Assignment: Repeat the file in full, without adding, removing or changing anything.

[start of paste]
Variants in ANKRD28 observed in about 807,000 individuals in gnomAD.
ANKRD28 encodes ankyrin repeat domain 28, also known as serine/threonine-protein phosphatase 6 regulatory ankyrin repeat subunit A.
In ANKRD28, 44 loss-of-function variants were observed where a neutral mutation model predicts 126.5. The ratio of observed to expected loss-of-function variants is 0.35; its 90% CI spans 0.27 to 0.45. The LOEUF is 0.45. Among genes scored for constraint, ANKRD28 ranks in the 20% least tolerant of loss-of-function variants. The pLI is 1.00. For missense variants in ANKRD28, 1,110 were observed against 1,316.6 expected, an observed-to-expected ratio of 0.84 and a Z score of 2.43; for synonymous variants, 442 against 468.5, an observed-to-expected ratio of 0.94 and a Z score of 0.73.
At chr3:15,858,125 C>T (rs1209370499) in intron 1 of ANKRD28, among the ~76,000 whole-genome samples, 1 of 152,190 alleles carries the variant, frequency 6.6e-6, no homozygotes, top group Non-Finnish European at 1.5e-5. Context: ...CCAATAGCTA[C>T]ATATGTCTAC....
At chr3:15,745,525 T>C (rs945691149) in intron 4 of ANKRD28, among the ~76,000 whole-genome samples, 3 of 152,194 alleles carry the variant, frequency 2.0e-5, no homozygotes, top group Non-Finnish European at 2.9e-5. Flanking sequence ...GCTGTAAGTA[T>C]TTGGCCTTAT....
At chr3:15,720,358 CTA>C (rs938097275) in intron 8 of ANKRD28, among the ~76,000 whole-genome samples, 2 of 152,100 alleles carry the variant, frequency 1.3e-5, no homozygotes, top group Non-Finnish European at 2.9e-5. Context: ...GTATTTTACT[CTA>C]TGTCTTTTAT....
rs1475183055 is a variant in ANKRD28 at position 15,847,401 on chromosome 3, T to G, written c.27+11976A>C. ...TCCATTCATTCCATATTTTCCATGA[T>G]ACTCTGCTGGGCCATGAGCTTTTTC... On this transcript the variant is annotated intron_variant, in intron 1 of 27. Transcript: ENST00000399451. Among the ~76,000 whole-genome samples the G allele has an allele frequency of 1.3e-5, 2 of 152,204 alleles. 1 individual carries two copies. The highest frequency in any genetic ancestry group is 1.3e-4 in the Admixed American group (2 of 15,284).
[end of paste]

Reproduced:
Variants in ANKRD28 observed in about 807,000 individuals in gnomAD.
ANKRD28 encodes ankyrin repeat domain 28, also known as serine/threonine-protein phosphatase 6 regulatory ankyrin repeat subunit A.
In ANKRD28, 44 loss-of-function variants were observed where a neutral mutation model predicts 126.5. The ratio of observed to expected loss-of-function variants is 0.35; its 90% CI spans 0.27 to 0.45. The LOEUF is 0.45. Among genes scored for constraint, ANKRD28 ranks in the 20% least tolerant of loss-of-function variants. The pLI is 1.00. For missense variants in ANKRD28, 1,110 were observed against 1,316.6 expected, an observed-to-expected ratio of 0.84 and a Z score of 2.43; for synonymous variants, 442 against 468.5, an observed-to-expected ratio of 0.94 and a Z score of 0.73.
At chr3:15,858,125 C>T (rs1209370499) in intron 1 of ANKRD28, among the ~76,000 whole-genome samples, 1 of 152,190 alleles carries the variant, frequency 6.6e-6, no homozygotes, top group Non-Finnish European at 1.5e-5. Context: ...CCAATAGCTA[C>T]ATATGTCTAC....
At chr3:15,745,525 T>C (rs945691149) in intron 4 of ANKRD28, among the ~76,000 whole-genome samples, 3 of 152,194 alleles carry the variant, frequency 2.0e-5, no homozygotes, top group Non-Finnish European at 2.9e-5. Flanking sequence ...GCTGTAAGTA[T>C]TTGGCCTTAT....
At chr3:15,720,358 CTA>C (rs938097275) in intron 8 of ANKRD28, among the ~76,000 whole-genome samples, 2 of 152,100 alleles carry the variant, frequency 1.3e-5, no homozygotes, top group Non-Finnish European at 2.9e-5. Context: ...GTATTTTACT[CTA>C]TGTCTTTTAT....
rs1475183055 is a variant in ANKRD28 at position 15,847,401 on chromosome 3, T to G, written c.27+11976A>C. ...TCCATTCATTCCATATTTTCCATGA[T>G]ACTCTGCTGGGCCATGAGCTTTTTC... On this transcript the variant is annotated intron_variant, in intron 1 of 27. Transcript: ENST00000399451. Among the ~76,000 whole-genome samples the G allele has an allele frequency of 1.3e-5, 2 of 152,204 alleles. 1 individual carries two copies. The highest frequency in any genetic ancestry group is 1.3e-4 in the Admixed American group (2 of 15,284).